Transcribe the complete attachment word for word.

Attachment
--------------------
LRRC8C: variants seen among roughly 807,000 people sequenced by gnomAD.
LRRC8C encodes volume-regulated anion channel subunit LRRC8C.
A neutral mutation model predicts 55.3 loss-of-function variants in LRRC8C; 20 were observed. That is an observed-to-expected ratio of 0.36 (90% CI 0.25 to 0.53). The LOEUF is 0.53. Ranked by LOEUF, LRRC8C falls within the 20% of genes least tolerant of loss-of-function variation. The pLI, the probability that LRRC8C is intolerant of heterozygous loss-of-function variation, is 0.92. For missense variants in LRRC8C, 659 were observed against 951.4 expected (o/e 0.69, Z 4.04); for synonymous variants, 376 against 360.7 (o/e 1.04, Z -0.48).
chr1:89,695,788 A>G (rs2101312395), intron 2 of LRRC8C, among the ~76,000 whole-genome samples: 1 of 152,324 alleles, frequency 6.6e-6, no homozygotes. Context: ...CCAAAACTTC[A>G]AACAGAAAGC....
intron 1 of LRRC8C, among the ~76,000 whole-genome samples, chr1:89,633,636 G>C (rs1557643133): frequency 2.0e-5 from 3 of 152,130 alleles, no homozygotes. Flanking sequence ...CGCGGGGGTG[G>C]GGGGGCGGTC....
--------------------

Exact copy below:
LRRC8C: variants seen among roughly 807,000 people sequenced by gnomAD.
LRRC8C encodes volume-regulated anion channel subunit LRRC8C.
A neutral mutation model predicts 55.3 loss-of-function variants in LRRC8C; 20 were observed. That is an observed-to-expected ratio of 0.36 (90% CI 0.25 to 0.53). The LOEUF is 0.53. Ranked by LOEUF, LRRC8C falls within the 20% of genes least tolerant of loss-of-function variation. The pLI, the probability that LRRC8C is intolerant of heterozygous loss-of-function variation, is 0.92. For missense variants in LRRC8C, 659 were observed against 951.4 expected (o/e 0.69, Z 4.04); for synonymous variants, 376 against 360.7 (o/e 1.04, Z -0.48).
chr1:89,695,788 A>G (rs2101312395), intron 2 of LRRC8C, among the ~76,000 whole-genome samples: 1 of 152,324 alleles, frequency 6.6e-6, no homozygotes. Context: ...CCAAAACTTC[A>G]AACAGAAAGC....
intron 1 of LRRC8C, among the ~76,000 whole-genome samples, chr1:89,633,636 G>C (rs1557643133): frequency 2.0e-5 from 3 of 152,130 alleles, no homozygotes. Flanking sequence ...CGCGGGGGTG[G>C]GGGGGCGGTC....